One of the most amazing performances ever was the night Brian May of Queen performed onstage with us. When he came up the hydraulic lift, the energy from the audience was overwhelming. It instantly brought me to tears. I remember one audience member was completely entranced. It was hard-core. Performing with one of the true legends of rock and roll was truly a once-in-a-lifetime thing.
The social aspect of the show was truly... intense. Not since college have I worked with and socialized with the same people 6 days a week. It’s like a relationship crucible; in a different situation, it might take years to develop such a bond -- here it takes months. Most of my castmates were used to that, because they were mostly experienced musical performers, but while I’ve done my share of theater, I’d never before done a tour or a long running-show. I’m used to film/TV where you work with people intensely for a week or so and never see them again.
These 7 months, I learned so much about people in general and about myself specifically. Vegas truly is a desert, so all you really have is yourself and each other. That's it. So every day, you learn more about yourself and each other, and that either drives you completely insane, or it makes you a healthier, happier person. And while I did have some insane/unhealthy/unhappy days, I came out of the experience a better man.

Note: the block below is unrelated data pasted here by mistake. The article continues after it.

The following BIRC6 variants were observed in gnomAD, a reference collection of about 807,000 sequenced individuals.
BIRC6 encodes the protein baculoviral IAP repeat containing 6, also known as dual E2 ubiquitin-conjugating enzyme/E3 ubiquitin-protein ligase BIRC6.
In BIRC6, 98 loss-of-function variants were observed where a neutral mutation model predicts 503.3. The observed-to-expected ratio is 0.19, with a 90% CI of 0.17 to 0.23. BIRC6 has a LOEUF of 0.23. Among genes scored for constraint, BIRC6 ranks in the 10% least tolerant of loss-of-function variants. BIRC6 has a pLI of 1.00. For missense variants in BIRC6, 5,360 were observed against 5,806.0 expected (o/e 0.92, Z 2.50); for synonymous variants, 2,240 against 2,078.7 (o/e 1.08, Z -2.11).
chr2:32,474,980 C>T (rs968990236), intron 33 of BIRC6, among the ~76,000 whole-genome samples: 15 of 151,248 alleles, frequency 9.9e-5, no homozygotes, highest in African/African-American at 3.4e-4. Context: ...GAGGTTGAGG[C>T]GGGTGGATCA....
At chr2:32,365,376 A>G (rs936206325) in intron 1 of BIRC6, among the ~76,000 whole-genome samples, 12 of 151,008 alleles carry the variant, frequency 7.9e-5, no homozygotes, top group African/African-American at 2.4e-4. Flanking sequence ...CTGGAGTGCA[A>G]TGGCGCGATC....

The last month or so in the show had some real highs and lows. There was a nagging in the back of my head about how much I was going to miss these people and this experience. And several people left the show during my last month, so it was a month full of goodbyes, culminating of course in one last big one. But throughout the goodbyes, I was doing all the things that made me love the experience so much. We partied hard, I had serious QT with a few really wonderful people, and I rocked it out in the show. One week before my last day, I got a chance to go on as Pop. (As we’ve discussed, the show is strikingly similar to The Matrix, so the Pop equivalent would be The Oracle). It was an incredibly fun night. Also in that last month, I participated in my last understudy rehearsal. It was both inspiring and sad. It was my first chance to see some of the new understudies and cast members in action. The thing is, people say "we'll miss you" and "it won't be the same without you", and that's self-evident, but watching other people do your roles and the roles of others who've left, it really gives you a sense of life really going on without you, the impermanence of our profession, and I guess, ultimately, our own impermanence. And oddly enough, in those moments where you see "hm, they're really gonna be fine without me," it's somehow both reassuring and disappointing.